Today my workplace has foisted upon me “Cultural Diversity Day”. There have been about two weeks build-up to this grand event, with momentum over the last couple of days growing to fever-pitch amongst the organising teams. We have been asked to bring in items of food from our cultural background, wear culturally identifying garments (or supply them to be hung on display), bring in items of cultural interest, and so forth.
This has left me totally bewildered, and to a certain extent, depressed.
I don’t have a recognisable cultural identity. Nor do I want one. Most especially I don’t want anyone to force me to have one.
Let me explain.
I was born in Australia and as I live here permanently I consider myself Australian. My parents were born in England and New Zealand. They don’t particularly consider themselves English or New Zealanderish. My father probably considers himself more Rhodesian than English anyway, as that is where he grew up, but he’s definitely Aussie these days.
Their parents, grandparents and great-grandparents were born in England, Poland, Lithuania, Russia, Poland and Belarus. Aside from my English grandparents on my father’s side, the others would probably have distanced themselves from their national identity. Why? They were culturally and ethnically Ashkenazi Jews.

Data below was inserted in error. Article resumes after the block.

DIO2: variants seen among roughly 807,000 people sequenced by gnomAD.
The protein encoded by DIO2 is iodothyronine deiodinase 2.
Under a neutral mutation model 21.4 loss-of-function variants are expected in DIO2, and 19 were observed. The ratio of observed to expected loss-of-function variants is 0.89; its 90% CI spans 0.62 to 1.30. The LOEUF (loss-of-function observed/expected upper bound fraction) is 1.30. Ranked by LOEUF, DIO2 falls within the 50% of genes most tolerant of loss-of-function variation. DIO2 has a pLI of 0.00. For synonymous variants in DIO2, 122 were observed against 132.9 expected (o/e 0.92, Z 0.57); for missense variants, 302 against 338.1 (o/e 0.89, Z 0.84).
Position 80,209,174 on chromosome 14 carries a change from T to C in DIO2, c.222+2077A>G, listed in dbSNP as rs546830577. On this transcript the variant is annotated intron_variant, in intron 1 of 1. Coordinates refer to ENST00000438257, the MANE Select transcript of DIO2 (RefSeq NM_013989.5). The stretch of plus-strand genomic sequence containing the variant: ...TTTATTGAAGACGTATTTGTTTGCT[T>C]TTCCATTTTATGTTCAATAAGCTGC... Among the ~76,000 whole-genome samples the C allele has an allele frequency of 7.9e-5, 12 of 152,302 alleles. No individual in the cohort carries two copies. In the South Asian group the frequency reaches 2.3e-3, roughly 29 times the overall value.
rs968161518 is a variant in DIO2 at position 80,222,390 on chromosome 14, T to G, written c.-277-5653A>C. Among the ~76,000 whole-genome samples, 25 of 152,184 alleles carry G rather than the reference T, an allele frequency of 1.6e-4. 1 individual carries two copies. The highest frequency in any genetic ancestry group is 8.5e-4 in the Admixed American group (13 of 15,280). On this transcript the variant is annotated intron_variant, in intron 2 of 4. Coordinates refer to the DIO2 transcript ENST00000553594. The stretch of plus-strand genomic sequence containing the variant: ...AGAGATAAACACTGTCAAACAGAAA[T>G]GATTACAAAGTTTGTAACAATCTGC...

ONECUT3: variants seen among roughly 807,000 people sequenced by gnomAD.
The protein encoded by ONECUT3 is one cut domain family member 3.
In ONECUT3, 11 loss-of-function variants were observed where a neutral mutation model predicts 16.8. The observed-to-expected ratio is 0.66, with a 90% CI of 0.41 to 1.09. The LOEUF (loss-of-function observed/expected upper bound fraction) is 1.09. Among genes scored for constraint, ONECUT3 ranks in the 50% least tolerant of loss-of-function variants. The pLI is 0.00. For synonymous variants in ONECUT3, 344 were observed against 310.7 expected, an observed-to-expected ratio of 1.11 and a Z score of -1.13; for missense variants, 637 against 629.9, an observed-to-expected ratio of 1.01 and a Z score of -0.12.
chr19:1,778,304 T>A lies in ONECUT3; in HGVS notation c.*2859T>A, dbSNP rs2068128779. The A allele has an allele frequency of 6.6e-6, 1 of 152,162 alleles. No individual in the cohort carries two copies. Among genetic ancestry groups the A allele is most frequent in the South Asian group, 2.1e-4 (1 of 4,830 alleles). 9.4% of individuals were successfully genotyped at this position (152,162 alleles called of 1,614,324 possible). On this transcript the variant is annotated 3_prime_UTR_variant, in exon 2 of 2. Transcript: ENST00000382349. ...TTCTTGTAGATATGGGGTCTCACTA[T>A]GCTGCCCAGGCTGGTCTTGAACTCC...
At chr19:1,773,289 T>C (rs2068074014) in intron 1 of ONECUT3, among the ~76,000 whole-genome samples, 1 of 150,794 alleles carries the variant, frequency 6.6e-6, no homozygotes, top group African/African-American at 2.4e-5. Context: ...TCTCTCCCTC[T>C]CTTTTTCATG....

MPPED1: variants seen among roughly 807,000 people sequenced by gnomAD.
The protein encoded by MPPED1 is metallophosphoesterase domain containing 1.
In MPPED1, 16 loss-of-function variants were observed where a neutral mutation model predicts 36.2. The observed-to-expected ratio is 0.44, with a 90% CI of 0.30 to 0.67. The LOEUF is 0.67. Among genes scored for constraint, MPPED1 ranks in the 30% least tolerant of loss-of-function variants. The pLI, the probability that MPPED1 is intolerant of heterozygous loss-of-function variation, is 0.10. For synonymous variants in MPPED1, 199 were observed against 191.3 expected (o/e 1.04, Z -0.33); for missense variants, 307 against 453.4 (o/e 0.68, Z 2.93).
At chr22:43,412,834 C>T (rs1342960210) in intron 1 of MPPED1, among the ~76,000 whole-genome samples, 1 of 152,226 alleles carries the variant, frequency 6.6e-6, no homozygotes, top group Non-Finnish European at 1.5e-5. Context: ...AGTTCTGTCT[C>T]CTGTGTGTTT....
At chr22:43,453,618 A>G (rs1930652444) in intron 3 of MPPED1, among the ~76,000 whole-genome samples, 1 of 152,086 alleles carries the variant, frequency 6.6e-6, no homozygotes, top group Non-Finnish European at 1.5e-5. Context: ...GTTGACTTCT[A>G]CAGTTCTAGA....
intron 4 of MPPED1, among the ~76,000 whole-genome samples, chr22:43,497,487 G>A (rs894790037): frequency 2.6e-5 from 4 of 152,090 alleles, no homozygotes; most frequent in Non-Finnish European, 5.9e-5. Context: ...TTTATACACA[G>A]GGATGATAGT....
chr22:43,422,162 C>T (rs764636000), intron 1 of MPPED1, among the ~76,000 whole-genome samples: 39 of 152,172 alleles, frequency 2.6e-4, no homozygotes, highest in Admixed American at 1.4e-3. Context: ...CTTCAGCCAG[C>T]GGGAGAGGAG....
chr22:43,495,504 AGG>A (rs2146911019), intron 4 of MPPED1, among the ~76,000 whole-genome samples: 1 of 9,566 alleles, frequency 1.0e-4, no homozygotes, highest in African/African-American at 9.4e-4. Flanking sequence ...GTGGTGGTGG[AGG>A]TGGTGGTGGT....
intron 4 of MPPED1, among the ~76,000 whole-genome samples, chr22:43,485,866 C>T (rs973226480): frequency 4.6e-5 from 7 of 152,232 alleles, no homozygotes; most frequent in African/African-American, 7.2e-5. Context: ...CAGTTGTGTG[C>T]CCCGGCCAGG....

Their Yiddish culture permeated my upbringing, in terms of language, food, identity and heritage. Yet that is not me. I do not identify as a Jew, as I believe religion is divisive and creates barriers to equality and harmony. I enjoy the influences I grew up with, but I don’t cling to them.
And so, as a first generation Australian who does not have an ethnic or religious identity, how do I contribute in an event at my workplace that wants me to label myself with a culture? Hard call, and one that does not make me very happy to have to do, despite wanting to contribute even in a small if not token way.
Yet I came up with a compromise. I brought in some lively, uplifting, happy, “freilach” Klezmer music. Music of my ancestors. Music I can identify with, that does not have a geography, does not have a specific ideology, that does not label me anything, and most importantly is universally loved and is most definitely cultural.
I am more than a label and I don’t want to have to choose one, or have anyone hang a label on me, as labels are restrictive and can be divisive.
This Cultural Diversity Day at my workplace has been very powerful for me and has allowed me to reflect deeply on who I am. It will be interesting to see how the day pans out and how I feel at the end of it. First and foremost though, I am Michael.